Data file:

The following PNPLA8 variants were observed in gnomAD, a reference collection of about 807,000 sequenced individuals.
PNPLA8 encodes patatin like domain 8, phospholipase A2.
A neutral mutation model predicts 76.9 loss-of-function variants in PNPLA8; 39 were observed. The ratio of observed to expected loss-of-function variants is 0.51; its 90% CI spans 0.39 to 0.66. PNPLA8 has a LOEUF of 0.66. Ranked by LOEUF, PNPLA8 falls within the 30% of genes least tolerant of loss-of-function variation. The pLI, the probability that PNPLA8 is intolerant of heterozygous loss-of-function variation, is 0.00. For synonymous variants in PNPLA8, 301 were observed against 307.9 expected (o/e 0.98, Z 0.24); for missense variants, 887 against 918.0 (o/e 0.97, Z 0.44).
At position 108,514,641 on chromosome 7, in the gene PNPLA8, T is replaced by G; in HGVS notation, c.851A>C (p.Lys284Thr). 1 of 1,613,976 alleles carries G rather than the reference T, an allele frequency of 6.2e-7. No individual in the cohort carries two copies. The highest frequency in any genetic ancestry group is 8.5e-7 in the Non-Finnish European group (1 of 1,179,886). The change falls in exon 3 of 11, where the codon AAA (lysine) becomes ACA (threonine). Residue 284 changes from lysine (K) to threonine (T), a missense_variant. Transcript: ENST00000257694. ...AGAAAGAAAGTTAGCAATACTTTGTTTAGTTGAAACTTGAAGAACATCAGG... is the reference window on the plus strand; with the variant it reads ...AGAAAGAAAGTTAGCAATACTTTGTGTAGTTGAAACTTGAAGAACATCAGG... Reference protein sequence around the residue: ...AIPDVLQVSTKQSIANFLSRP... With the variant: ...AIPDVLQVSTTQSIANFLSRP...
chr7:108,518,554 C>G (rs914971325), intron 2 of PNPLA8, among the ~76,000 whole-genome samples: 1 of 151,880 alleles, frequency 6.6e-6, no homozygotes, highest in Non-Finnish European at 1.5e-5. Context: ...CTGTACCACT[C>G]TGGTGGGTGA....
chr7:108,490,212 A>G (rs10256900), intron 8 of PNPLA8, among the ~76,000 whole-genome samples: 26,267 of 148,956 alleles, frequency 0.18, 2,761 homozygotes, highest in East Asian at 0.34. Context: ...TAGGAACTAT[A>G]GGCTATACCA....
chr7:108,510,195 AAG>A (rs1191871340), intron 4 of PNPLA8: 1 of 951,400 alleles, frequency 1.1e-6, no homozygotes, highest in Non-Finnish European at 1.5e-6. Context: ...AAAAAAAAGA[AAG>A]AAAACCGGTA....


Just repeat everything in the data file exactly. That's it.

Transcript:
The following PNPLA8 variants were observed in gnomAD, a reference collection of about 807,000 sequenced individuals.
PNPLA8 encodes patatin like domain 8, phospholipase A2.
A neutral mutation model predicts 76.9 loss-of-function variants in PNPLA8; 39 were observed. The ratio of observed to expected loss-of-function variants is 0.51; its 90% CI spans 0.39 to 0.66. PNPLA8 has a LOEUF of 0.66. Ranked by LOEUF, PNPLA8 falls within the 30% of genes least tolerant of loss-of-function variation. The pLI, the probability that PNPLA8 is intolerant of heterozygous loss-of-function variation, is 0.00. For synonymous variants in PNPLA8, 301 were observed against 307.9 expected (o/e 0.98, Z 0.24); for missense variants, 887 against 918.0 (o/e 0.97, Z 0.44).
At position 108,514,641 on chromosome 7, in the gene PNPLA8, T is replaced by G; in HGVS notation, c.851A>C (p.Lys284Thr). 1 of 1,613,976 alleles carries G rather than the reference T, an allele frequency of 6.2e-7. No individual in the cohort carries two copies. The highest frequency in any genetic ancestry group is 8.5e-7 in the Non-Finnish European group (1 of 1,179,886). The change falls in exon 3 of 11, where the codon AAA (lysine) becomes ACA (threonine). Residue 284 changes from lysine (K) to threonine (T), a missense_variant. Transcript: ENST00000257694. ...AGAAAGAAAGTTAGCAATACTTTGTTTAGTTGAAACTTGAAGAACATCAGG... is the reference window on the plus strand; with the variant it reads ...AGAAAGAAAGTTAGCAATACTTTGTGTAGTTGAAACTTGAAGAACATCAGG... Reference protein sequence around the residue: ...AIPDVLQVSTKQSIANFLSRP... With the variant: ...AIPDVLQVSTTQSIANFLSRP...
chr7:108,518,554 C>G (rs914971325), intron 2 of PNPLA8, among the ~76,000 whole-genome samples: 1 of 151,880 alleles, frequency 6.6e-6, no homozygotes, highest in Non-Finnish European at 1.5e-5. Context: ...CTGTACCACT[C>G]TGGTGGGTGA....
chr7:108,490,212 A>G (rs10256900), intron 8 of PNPLA8, among the ~76,000 whole-genome samples: 26,267 of 148,956 alleles, frequency 0.18, 2,761 homozygotes, highest in East Asian at 0.34. Context: ...TAGGAACTAT[A>G]GGCTATACCA....
chr7:108,510,195 AAG>A (rs1191871340), intron 4 of PNPLA8: 1 of 951,400 alleles, frequency 1.1e-6, no homozygotes, highest in Non-Finnish European at 1.5e-6. Context: ...AAAAAAAAGA[AAG>A]AAAACCGGTA....